Review Summary: Hate the way you pussies talk shit, hiding on the web
How many times is it possible to use the same distortion settings on an amp and macho, over-the-top lyrics? Well, apparently, 3 albums worth, with the latest installment in the Five Finger Death Punch discography. From songs listing supposed American culture staples to the obligatory anti-suicide/bullying ballad, this album is very much just another Five Finger Death Punch record.
As with most of the New Wave of American Heavy Metal, this has all the basic staples. The melodic, semi-shredded guitar solos, harsh/clean, verse/chorus patterns are all here in force, as well as the downtuned chugging chorus. In fact, that isn't even the most aggravating thing about this record. The fact that the profanity is downright abused to the point where it doesn't even add another dimension to the record creates the feeling that the vocalist Ivan Moody was left staring at the lyrics, and felt that he couldn't correctly convey his anger without adding in 8 choice swear-words into one verse. Yes, one single verse. This downright lack of creativity or anger-for-the-sake-of-being-angry is infuriating, as it makes it look like a child just learnt how to speak.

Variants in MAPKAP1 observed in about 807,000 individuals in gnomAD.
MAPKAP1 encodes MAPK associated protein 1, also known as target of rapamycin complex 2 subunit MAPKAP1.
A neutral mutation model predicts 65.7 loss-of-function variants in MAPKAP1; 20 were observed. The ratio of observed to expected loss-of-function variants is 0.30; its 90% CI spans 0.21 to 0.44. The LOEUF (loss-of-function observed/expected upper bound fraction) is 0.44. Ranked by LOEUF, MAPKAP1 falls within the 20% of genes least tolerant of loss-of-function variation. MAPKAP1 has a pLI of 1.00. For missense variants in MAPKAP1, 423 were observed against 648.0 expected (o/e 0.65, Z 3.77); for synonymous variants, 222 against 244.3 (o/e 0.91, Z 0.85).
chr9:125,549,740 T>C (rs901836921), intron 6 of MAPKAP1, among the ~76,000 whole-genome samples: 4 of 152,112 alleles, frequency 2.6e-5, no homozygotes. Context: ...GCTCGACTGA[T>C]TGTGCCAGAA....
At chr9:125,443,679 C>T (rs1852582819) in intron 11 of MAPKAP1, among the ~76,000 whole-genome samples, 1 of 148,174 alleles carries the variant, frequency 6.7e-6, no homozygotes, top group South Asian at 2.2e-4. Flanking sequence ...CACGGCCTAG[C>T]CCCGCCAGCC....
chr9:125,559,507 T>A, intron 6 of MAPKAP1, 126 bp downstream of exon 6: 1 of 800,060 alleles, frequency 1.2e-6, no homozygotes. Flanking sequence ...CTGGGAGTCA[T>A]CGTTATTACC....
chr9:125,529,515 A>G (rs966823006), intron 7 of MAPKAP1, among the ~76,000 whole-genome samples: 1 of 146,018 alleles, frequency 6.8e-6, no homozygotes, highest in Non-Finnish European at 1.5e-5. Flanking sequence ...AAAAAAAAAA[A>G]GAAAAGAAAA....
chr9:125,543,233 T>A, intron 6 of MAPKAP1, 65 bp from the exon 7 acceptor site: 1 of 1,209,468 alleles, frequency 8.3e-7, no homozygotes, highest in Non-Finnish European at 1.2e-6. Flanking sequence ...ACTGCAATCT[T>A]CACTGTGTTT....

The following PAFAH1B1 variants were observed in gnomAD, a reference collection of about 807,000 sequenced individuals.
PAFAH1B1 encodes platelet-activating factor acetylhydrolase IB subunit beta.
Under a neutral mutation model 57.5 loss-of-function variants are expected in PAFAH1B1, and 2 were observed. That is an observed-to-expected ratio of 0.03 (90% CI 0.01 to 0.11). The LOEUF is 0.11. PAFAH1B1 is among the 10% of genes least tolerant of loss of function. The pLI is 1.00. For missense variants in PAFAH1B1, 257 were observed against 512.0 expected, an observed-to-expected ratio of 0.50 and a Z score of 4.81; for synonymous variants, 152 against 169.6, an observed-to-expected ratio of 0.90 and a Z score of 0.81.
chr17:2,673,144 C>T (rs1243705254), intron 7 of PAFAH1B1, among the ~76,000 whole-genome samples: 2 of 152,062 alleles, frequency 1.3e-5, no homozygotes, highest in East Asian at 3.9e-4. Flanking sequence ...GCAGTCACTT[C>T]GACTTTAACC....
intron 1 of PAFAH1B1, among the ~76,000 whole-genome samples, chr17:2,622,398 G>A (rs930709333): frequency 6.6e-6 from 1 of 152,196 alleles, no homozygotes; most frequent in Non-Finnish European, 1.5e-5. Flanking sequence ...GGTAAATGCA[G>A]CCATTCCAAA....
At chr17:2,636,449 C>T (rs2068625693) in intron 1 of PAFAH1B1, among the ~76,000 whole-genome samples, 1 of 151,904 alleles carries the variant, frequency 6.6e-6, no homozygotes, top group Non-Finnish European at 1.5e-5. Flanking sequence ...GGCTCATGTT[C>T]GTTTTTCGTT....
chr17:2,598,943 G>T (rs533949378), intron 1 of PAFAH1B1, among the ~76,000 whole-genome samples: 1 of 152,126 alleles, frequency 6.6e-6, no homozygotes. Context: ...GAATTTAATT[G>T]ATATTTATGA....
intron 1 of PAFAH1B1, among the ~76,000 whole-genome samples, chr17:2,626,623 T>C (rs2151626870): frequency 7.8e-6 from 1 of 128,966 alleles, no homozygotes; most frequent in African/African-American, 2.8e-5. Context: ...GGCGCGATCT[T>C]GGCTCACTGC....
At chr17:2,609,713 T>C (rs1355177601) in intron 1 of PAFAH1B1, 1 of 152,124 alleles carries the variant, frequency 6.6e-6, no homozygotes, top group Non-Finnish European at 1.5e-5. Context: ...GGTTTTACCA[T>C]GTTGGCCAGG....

The title, and downright core of the album comes across as being very haphazard. Whilst most of the album revolves around the idea of American and its nationalist pride, as well as the trappings of the culture, it seems to emphasize just how little the mainstream metal scene will accept from it's front runners. Whilst the performance is not horrid, the guitars are played well, as well as the vocals being more or less on mark, it's the things that these are performing which brings this record down as for the most, the riffs are simplistic, the drums formulaic and the bass nonexistent, which is pretty much the par for any record being released by a groove/hard rock band in the current period of time.
The saving grace of this record is the solos and the riffs, as well as the musical performance of the rest of the band. As previously mentioned, the performances are all spot on, ignoring the actual content of them. The vocal harmonies, whilst nothing original are executed well, for the most. The aggression in the vocals also helps get the message across that yes, the band is pissed
In conclusion, a thoroughly unexceptional album, from an otherwise unsurprising band.
Smith and Wesson